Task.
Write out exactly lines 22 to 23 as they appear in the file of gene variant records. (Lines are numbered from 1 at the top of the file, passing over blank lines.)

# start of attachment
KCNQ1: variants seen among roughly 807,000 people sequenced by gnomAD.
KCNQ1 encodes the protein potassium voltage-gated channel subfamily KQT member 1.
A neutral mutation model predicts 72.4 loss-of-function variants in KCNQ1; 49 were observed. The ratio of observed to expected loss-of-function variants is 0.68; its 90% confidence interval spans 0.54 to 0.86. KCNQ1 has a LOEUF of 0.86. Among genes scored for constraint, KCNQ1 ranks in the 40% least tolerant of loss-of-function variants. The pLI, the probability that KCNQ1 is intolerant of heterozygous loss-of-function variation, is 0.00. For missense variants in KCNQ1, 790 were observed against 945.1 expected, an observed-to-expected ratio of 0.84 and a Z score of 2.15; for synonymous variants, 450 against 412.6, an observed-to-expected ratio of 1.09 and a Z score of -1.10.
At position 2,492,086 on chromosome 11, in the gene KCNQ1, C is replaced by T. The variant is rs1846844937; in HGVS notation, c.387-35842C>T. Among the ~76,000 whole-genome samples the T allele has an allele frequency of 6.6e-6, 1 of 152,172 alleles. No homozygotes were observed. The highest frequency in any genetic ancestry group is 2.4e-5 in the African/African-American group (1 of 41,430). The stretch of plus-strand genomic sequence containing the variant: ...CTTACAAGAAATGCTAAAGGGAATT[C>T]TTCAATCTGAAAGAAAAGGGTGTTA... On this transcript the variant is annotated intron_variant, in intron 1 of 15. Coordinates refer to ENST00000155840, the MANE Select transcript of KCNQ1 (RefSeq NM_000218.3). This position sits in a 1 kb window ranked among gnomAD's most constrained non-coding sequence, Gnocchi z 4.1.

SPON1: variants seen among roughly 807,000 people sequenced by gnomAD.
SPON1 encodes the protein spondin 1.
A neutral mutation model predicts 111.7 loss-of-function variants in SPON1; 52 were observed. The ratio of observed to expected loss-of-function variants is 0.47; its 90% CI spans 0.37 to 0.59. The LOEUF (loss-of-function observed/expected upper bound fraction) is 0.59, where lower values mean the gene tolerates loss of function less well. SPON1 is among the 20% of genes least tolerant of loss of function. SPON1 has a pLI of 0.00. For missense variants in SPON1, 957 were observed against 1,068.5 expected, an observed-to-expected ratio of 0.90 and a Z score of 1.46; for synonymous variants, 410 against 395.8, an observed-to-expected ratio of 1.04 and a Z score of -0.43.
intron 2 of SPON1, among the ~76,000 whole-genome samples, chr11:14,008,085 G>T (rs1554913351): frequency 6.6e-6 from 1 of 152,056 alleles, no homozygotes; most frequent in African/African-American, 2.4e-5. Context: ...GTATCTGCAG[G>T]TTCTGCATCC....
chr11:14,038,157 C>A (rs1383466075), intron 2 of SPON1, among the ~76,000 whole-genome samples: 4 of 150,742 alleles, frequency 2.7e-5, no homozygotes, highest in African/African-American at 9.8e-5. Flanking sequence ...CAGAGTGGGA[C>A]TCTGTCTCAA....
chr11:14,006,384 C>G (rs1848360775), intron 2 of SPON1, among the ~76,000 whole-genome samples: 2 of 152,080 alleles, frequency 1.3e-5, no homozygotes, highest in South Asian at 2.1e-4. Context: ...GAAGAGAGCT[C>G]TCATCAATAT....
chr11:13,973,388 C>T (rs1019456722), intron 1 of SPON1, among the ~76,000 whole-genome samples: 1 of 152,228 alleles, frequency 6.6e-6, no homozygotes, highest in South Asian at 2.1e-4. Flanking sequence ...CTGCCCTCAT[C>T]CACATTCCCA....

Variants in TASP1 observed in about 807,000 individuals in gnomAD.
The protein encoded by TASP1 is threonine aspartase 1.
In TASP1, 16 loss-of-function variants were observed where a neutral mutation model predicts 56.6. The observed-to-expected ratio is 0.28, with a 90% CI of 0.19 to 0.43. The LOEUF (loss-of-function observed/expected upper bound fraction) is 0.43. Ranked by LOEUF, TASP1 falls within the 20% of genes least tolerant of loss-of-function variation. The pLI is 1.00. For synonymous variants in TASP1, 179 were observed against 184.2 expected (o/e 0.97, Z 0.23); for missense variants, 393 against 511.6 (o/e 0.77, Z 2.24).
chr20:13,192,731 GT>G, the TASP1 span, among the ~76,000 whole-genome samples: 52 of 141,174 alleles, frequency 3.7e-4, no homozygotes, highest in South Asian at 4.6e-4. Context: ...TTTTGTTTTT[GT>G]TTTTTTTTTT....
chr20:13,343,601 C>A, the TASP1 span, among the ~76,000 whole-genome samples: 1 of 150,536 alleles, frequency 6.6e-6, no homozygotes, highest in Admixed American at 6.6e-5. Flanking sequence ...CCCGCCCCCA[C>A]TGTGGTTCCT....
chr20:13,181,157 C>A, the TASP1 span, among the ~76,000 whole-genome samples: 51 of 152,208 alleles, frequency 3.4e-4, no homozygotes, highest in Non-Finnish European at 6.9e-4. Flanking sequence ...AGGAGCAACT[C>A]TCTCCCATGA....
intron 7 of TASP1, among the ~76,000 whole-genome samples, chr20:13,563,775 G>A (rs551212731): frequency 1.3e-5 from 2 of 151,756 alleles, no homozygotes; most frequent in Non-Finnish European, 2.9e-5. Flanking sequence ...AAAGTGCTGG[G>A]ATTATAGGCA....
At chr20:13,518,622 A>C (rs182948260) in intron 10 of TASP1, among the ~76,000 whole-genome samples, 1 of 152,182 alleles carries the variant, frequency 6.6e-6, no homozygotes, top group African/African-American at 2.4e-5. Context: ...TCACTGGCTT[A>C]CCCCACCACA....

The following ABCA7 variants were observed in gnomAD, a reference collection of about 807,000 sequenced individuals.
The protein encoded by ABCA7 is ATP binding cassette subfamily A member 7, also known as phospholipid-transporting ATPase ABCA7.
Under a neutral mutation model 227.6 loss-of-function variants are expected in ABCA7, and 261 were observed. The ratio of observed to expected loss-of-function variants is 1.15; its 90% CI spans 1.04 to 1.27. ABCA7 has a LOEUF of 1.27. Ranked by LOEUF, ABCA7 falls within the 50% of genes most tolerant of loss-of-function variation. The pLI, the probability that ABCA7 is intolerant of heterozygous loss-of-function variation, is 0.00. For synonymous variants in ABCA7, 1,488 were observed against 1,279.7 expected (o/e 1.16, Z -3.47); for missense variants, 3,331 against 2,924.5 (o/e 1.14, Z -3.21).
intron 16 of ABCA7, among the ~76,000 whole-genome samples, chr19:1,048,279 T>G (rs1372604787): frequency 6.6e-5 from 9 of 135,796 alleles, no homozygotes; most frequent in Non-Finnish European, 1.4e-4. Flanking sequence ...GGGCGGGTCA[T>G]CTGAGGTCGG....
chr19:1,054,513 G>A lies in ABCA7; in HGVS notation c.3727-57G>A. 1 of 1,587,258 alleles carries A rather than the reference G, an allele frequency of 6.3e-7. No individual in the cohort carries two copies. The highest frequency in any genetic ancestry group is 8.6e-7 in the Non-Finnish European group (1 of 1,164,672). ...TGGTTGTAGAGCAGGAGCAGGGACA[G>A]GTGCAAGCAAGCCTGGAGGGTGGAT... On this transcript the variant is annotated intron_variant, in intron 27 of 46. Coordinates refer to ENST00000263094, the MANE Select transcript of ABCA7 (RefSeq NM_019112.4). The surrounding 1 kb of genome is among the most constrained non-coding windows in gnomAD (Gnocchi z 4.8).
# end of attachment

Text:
Under a neutral mutation model 227.6 loss-of-function variants are expected in ABCA7, and 261 were observed. The ratio of observed to expected loss-of-function variants is 1.15; its 90% CI spans 1.04 to 1.27. ABCA7 has a LOEUF of 1.27. Ranked by LOEUF, ABCA7 falls within the 50% of genes most tolerant of loss-of-function variation. The pLI, the probability that ABCA7 is intolerant of heterozygous loss-of-function variation, is 0.00. For synonymous variants in ABCA7, 1,488 were observed against 1,279.7 expected (o/e 1.16, Z -3.47); for missense variants, 3,331 against 2,924.5 (o/e 1.14, Z -3.21).
intron 16 of ABCA7, among the ~76,000 whole-genome samples, chr19:1,048,279 T>G (rs1372604787): frequency 6.6e-5 from 9 of 135,796 alleles, no homozygotes; most frequent in Non-Finnish European, 1.4e-4. Flanking sequence ...GGGCGGGTCA[T>G]CTGAGGTCGG....